Literary reviews by Tim Love.
Warning: Rather than reviews, these are often notes in preparation for reviews that were never finished, or pleas for help with understanding pieces. See Litref Reviews - a rationale for details.

Thursday, 3 January 2013

"Earth Records" by Alistair Noon (Nine Arches Press, 2012)

Peter Riley writes on the back cover that "The bite of modernism shorn of academic mysticism cohabits contentedly with lyrical plain speaking".

It begins with 40 Shakespearian sonnets. It ends with a series of poems about celeb poets in unusual settings ("Basho at St. Andrews" (a haibun), "Blake in Munich", "Pablo Neruda in Aylesbury", etc. My favourite of these is "Keats Somewhere or Other"). Between, there's a short section about Eastern europe, borders, etc. There's much mixing of past and present, of here and there. Three extracts from the sonnets will give you a flavour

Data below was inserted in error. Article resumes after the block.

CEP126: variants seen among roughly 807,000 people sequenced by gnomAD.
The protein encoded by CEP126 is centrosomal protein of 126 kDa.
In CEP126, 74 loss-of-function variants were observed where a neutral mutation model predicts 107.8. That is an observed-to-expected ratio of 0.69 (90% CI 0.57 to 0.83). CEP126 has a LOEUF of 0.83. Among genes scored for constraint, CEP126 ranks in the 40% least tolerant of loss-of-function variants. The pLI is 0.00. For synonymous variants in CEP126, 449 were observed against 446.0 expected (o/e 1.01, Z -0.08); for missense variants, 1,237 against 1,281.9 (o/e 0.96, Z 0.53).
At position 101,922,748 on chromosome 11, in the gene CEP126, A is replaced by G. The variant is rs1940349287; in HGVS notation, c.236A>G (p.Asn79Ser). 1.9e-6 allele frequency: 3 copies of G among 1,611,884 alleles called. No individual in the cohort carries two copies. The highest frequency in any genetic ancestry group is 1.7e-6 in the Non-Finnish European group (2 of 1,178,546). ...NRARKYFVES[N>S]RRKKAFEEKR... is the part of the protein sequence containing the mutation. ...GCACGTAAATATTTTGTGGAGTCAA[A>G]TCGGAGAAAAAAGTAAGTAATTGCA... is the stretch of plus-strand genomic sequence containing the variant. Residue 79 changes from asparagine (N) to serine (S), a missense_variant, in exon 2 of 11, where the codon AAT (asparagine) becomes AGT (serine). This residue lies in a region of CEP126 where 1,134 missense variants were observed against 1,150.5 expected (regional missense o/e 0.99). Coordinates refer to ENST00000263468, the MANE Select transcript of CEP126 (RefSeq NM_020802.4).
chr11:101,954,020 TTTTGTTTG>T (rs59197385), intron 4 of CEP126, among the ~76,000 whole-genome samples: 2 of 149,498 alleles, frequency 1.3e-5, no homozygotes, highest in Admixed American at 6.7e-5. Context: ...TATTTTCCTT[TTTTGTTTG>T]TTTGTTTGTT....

Hey look, a written word! It flaps and lands
with its fox-red back, grey head and zebra wings.
For several quick seconds it simply stands
under a North German Buche. It blinks

As you see, the work isn't syntactically-challenging

Alternatives? The open end of chess,
a mix of art and engineering discourses,
machines that function both when damp and dry,
gulls at rocky coasts that can float and fly

This is the conclusion of a sonnet. Even here (a rhyming couplet), the ending isn't a punch-line. It's common for the poems to keep two or more threads open, leaving them unresolved.

Although these lesser hounds are known to bite
the legs of larger breeds who think they're chief,
it still remains an asymmetric fight:
the bigger dogs retain their bigger teeth
for when they threaten to deploy their forces
and deprive small mouths of their protein sources

I wonder what experienced formalists would think of this, because it clearly falls within their critical scope. Those last 2 lines don't seem to add much.

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